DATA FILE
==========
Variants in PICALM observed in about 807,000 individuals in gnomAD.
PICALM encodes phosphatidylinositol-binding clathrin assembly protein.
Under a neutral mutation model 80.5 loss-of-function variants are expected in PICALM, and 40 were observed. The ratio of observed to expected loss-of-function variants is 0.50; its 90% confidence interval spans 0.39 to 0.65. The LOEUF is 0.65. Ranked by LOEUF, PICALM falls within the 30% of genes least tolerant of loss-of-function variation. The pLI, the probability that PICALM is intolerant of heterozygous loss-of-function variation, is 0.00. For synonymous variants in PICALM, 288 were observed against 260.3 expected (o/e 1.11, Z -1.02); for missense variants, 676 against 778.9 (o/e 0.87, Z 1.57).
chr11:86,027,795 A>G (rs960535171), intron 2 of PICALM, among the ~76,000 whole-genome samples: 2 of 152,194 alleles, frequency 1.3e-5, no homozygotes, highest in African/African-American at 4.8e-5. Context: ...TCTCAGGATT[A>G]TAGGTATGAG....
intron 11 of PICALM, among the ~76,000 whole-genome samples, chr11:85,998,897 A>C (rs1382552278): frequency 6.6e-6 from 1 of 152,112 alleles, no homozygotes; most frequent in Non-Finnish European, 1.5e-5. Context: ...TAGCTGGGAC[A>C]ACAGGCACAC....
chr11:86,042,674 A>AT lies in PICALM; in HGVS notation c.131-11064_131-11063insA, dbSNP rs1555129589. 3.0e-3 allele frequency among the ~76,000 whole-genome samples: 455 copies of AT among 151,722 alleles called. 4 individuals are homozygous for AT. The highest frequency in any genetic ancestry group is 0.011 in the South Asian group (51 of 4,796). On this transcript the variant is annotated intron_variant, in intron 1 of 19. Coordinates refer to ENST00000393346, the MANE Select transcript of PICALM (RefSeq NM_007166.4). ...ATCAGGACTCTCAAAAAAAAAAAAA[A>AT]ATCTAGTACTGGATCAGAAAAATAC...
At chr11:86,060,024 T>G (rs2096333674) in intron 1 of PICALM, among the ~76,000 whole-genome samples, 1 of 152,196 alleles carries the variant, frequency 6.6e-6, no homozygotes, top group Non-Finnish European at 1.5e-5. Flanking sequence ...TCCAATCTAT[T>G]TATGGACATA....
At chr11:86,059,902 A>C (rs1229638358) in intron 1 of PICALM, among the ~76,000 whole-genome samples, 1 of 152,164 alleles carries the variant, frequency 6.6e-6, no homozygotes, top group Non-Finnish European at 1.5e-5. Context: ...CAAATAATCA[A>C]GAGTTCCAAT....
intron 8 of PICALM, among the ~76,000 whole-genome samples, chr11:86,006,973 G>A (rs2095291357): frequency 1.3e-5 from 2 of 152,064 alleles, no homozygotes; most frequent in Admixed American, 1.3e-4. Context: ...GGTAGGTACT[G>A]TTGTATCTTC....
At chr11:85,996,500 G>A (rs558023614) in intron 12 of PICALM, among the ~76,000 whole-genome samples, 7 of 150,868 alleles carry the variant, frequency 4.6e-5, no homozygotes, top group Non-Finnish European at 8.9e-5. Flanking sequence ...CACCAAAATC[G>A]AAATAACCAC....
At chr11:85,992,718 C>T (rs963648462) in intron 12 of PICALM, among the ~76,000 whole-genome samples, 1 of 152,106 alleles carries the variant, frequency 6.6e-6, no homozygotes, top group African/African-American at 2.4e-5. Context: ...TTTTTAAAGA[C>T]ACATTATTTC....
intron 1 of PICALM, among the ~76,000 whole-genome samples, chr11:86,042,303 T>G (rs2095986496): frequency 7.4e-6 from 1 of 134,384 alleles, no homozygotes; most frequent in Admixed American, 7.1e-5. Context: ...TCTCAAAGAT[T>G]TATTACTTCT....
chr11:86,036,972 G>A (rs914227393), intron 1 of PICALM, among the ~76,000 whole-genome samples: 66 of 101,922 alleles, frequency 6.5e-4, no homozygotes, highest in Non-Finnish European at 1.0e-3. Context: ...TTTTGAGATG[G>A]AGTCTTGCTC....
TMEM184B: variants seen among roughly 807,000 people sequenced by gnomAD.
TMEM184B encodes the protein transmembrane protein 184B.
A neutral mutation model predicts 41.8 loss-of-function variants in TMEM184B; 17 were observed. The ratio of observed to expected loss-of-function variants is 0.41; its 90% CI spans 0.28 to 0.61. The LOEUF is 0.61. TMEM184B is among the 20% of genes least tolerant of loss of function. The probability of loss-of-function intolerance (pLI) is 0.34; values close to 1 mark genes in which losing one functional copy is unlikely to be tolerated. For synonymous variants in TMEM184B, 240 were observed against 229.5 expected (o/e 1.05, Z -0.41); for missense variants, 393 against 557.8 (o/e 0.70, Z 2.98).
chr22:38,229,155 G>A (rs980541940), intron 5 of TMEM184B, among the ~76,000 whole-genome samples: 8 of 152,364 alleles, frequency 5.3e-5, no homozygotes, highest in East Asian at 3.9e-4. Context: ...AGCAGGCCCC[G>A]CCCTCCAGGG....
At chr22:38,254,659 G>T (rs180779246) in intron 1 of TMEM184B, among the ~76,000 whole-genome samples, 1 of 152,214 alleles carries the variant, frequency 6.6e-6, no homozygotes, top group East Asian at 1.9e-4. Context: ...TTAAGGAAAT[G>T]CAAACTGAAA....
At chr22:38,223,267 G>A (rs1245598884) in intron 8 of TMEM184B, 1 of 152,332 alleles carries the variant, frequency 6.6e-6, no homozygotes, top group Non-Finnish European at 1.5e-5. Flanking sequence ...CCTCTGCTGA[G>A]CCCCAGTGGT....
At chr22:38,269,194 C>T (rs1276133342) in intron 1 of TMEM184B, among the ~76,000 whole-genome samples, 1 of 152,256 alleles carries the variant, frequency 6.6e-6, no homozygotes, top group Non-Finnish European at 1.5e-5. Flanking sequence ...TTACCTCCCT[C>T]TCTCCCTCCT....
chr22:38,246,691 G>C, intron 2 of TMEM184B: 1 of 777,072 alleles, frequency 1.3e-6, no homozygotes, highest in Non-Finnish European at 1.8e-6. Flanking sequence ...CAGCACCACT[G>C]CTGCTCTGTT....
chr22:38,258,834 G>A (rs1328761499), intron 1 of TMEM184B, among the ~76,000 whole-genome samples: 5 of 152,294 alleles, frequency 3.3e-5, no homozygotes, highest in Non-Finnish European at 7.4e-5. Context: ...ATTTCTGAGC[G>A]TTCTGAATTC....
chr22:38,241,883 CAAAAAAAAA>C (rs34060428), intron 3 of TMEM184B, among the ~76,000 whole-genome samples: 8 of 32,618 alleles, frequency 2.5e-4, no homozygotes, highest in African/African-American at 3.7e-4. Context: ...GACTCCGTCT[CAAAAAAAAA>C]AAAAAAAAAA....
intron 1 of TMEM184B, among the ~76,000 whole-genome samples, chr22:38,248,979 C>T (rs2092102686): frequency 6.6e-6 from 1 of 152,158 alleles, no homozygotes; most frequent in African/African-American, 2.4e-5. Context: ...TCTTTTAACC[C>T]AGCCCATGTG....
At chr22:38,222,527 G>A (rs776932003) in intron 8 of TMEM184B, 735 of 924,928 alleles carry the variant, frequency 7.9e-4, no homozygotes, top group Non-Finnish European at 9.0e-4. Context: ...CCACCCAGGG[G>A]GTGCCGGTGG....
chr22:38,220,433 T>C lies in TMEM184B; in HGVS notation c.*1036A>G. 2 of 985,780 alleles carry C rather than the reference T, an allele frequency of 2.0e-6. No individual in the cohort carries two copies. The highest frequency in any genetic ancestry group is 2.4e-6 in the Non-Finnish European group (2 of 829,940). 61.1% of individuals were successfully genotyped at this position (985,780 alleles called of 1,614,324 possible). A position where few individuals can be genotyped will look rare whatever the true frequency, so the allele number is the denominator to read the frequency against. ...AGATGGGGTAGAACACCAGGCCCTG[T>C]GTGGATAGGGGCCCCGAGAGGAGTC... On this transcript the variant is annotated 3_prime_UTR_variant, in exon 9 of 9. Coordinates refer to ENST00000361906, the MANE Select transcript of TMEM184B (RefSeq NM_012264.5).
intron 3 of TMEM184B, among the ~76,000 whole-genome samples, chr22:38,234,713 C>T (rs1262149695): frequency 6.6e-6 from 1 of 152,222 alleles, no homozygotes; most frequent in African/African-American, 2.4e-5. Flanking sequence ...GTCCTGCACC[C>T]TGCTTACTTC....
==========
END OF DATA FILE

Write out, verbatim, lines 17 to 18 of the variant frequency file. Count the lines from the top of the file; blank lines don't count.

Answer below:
chr22:38,229,155 G>A (rs980541940), intron 5 of TMEM184B, among the ~76,000 whole-genome samples: 8 of 152,364 alleles, frequency 5.3e-5, no homozygotes, highest in East Asian at 3.9e-4. Context: ...AGCAGGCCCC[G>A]CCCTCCAGGG....
At chr22:38,254,659 G>T (rs180779246) in intron 1 of TMEM184B, among the ~76,000 whole-genome samples, 1 of 152,214 alleles carries the variant, frequency 6.6e-6, no homozygotes, top group East Asian at 1.9e-4. Context: ...TTAAGGAAAT[G>T]CAAACTGAAA....